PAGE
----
If you’re a woman, you really should consider having your surgeon as well; could save your life. This is because women are 32% more likely to die when operated on by male surgeons compared to female surgeons, according to a new study.
While the sex of the surgeon made very little difference for male patients, the study also found that women were more likely to experience complications and be readmitted to the hospital within 30 days if their surgeon had been a man. But why?
The doctor who led the study (published in the journal JAMA Surgery), Christopher Wallis, isn’t sure. Wallis told the BBC that they don’t yet have an explanation for these findings, but are working on it. So we asked several female surgeons what they think about why a woman could be safer in his hands.
The study analyzed more than 1.3 million patients treated by 2,937 surgeons in Ontario, Canada, between 2007 and 2019 and claims to be “the first to address the question of the association between surgeon-patient gender concordance and surgical outcomes.” ”.
It makes no definitive statements about why female patients may fare worse with male surgeons, but points to possible explanations from other available medical literature.
One suggestion from the study that might explain the findings is that there is a significant difference in pain perception: male doctors”underestimate the severity of symptoms in patients”.
Oneeka Williams, a urologist at Tufts University School of Medicine in Boston, USA, agrees. “I think there is a male bias to look down on female complaints. They are likely to think that women are more anxious and hysterical and therefore pay less attention to postoperative complaints. Complaints are dismissed, pain is minimized and the severity of the disease is often dismissed and ignored,” he told the BBC.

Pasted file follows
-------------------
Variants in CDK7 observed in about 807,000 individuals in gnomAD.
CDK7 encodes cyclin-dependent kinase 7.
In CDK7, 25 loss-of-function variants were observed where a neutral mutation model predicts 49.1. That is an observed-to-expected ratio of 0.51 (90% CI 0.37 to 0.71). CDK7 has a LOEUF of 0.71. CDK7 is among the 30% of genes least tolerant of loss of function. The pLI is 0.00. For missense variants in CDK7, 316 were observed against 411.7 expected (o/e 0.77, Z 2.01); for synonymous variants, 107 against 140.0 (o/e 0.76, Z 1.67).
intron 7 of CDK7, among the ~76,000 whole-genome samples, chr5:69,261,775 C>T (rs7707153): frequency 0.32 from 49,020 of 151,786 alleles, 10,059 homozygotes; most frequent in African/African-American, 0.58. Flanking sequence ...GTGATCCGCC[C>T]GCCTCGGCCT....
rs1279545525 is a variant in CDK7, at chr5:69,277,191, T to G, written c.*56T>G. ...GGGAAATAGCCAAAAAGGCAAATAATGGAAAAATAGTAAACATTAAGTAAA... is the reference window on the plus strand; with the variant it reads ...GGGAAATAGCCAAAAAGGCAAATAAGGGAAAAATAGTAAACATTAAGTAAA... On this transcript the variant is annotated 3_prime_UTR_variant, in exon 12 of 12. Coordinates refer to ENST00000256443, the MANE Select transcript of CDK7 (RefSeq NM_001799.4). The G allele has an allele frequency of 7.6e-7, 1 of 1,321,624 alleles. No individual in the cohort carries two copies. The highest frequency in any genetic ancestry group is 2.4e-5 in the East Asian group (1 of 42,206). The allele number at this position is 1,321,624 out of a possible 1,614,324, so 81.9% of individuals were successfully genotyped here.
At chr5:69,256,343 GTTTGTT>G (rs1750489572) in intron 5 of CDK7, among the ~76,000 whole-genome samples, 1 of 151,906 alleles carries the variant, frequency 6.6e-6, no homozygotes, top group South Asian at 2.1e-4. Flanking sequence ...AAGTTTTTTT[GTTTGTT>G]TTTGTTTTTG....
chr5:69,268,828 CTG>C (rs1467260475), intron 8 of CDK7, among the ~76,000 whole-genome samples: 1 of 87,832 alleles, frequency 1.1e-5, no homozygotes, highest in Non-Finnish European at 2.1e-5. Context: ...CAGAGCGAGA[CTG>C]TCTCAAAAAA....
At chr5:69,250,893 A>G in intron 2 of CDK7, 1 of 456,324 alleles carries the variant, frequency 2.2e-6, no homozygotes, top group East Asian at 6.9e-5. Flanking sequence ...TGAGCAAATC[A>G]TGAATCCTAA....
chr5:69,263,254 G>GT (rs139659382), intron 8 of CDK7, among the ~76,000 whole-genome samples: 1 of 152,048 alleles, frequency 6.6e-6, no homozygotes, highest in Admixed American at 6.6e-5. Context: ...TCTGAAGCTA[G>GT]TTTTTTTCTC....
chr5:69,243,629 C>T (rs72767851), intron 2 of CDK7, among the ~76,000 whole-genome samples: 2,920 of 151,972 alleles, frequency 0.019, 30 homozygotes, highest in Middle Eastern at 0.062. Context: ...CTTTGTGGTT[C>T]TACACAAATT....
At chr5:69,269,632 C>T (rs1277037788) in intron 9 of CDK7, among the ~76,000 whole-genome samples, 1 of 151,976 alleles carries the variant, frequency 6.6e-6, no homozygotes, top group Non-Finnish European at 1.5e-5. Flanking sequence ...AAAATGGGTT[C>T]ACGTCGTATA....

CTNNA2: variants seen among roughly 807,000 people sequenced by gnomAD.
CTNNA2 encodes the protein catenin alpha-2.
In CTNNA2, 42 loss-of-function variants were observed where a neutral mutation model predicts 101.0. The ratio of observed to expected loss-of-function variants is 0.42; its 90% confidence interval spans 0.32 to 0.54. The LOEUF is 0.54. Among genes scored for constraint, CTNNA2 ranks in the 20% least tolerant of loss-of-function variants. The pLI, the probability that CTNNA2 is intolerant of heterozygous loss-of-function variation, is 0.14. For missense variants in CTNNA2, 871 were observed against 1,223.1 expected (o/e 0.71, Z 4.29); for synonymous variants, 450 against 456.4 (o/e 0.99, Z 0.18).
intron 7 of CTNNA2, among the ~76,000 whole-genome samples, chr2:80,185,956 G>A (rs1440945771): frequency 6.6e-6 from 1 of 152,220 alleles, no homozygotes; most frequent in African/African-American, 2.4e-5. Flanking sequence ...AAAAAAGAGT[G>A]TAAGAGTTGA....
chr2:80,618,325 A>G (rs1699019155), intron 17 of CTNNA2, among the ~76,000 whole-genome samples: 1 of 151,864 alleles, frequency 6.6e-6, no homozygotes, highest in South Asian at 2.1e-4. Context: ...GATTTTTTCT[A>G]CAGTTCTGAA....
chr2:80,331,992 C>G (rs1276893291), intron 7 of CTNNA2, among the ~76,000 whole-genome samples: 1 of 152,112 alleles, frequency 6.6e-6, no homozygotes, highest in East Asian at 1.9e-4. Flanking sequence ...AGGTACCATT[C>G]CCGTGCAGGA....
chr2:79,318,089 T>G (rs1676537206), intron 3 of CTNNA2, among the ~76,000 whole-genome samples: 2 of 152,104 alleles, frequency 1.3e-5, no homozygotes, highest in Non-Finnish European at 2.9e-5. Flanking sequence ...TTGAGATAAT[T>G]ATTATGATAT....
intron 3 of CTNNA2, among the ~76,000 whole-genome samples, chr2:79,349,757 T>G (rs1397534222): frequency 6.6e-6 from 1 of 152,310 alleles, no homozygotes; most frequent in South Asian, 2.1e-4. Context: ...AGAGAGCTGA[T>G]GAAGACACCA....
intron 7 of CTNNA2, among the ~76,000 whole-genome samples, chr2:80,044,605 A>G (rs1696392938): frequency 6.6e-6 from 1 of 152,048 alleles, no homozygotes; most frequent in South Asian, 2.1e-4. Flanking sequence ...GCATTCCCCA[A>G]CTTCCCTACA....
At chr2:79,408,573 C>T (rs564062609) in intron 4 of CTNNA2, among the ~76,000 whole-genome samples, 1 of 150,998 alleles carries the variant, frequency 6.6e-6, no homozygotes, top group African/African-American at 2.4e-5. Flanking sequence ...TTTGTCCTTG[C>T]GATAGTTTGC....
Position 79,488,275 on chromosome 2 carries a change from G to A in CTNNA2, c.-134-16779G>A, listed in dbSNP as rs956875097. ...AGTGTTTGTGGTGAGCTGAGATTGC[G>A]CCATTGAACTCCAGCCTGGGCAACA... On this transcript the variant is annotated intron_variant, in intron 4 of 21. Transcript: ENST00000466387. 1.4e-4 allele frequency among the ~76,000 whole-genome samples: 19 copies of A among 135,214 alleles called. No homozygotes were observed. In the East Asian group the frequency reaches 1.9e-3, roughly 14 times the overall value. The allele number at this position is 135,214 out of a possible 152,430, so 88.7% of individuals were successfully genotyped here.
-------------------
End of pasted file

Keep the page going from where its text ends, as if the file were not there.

Jennifer Svahn, a vascular surgeon at Northwell Health University in New York, agrees. Svahn thinks the high death rate may be because “Male surgeons are more likely to override or marginalize a female patient’s concerns and symptoms.”
Nancy Baxter, a colorectal surgeon at St. Michael’s College Hospital at the University of Toronto, also believes that “people tend to underestimate pain in women more than pain in men”, but suggests that other factors may also be at play.
“When you see the patient, what kind of decisions do you make as a surgeon? Who are you taking to the operating room? There is a possibility that there are differences between surgeons in terms of their gender and how they treat male and female patients,” he told the BBC.
The doctor cited literature evaluating patients with heart problems showing that female cardiologists manage patients better than male cardiologists, which results in better results. But then he also points out the differences in attitudes toward male and female surgeons.
“During the operation, we know that women surgeons are punished for bad results, if they get bad results at all. The more likely they are to have a drop in their referrals, the less likely they are to be forgiven for a poor outcome,” he noted. And he added: “And the bad results are attributed to their skill, while in male surgeons, the bad results are attributed to chance, to bad luck.”
“So female surgeons have to perform better to be considered equal.”
Another underlying explanation could be emotional intelligence, empathy and communication skills strongest of women as Williams put it.
Kim Templeton, an orthopedic surgeon at the University of Kansas Medical Center, thinks the way her female colleagues approach their patients may help explain the differences. Too, the doctor-patient relationship is necessary for people to feel comfortable revealing information that could be critical to making a diagnosis and recommending treatment, he said. He added, “It allows for more dialogue about surgery concerns and addressing them early.”